Backing up databases to a remote source can sometimes be a time-consuming or daunting process. Fortunately, there exists a nice solution with Postgres with logrotate, pg_dump, and the AWS S3 CLI. I implemented this solution, and it has been working great, to back up a Mattermost (read Slack clone) database.

In this example, we will be creating a daily backup and posting it to an AWS S3 bucket we have created. First, if you’re not familiar with logrotate, Rackspace has a great beginner’s guide I recommend checking out. Its also useful for understanding all of the config options that you have at your disposal as well.

Taken from the guide above:

The logrotate utility makes log rotation easy. “Log rotation” refers to the practice of archiving an application’s current log, starting a fresh log, and deleting older logs. The system usually runs logrotate once a day, and when it runs it checks rules that can be customized on a per-directory or per-log basis.

The “hard” part of this whole automated backup process is creating the logrotate config file. First, create a file in the /etc/logrotate.d/ directory. I’ve named mine mm-bkup.

Here is what my mm-bkup file looks like, with annotations, to help better explain what each config option is doing. Once again, this is file is /etc/logrotate.d/mm-bkup and can have different config options depending on what you want.

# where to archive the logs (backups)
/var/backups/postgres/postgres.pgdump.gz {
  daily    # how often to rotate (backup)
  missingok    # ignores error if the directory does not exist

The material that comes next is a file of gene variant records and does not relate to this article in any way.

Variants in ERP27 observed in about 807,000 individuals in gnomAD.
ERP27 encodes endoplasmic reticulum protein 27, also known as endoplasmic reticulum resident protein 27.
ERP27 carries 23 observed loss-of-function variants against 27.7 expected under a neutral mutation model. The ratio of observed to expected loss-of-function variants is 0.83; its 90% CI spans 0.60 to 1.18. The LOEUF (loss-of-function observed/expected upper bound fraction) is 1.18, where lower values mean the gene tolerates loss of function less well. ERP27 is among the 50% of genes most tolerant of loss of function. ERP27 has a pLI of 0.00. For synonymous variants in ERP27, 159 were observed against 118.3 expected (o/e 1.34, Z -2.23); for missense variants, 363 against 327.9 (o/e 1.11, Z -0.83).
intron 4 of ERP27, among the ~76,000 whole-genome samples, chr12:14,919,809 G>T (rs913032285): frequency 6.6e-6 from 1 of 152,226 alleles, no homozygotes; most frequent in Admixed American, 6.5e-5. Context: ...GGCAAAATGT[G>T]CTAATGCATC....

rotate 7    # how many archived logs (backups) are kept locally before logrotate starts deleting the older ones
  nocompress    # old versions of log files are not compressed
  create 640 postgres postgres    # sets permissions on the newly created log file using [mode] [owner] [group] syntax
  postrotate    # start script for after the log file is created
  sudo -u postgres pg_dump mattermost > /var/backups/postgres/postgres.pgdump    # dump the mattermost database via pg_dump
  gzip -9f /var/backups/postgres/postgres.pgdump    # gzip (compress) the db dump at maximum compression
  /usr/bin/s3cmd sync /var/backups/postgres/* s3://YOUR_S3_URL    # post the backups to your s3 bucket
  endscript    # end script for after the log file is created

And that’s all there is to it! The /var/backups/postgres directory will locally have the most recent, uncompressed backups and our S3 bucket will have a larger history of compressed backups.

For further reading on some of the tools used here, check out these links:

Sam Rubin

A full stack software engineer located in Arlington, Virginia

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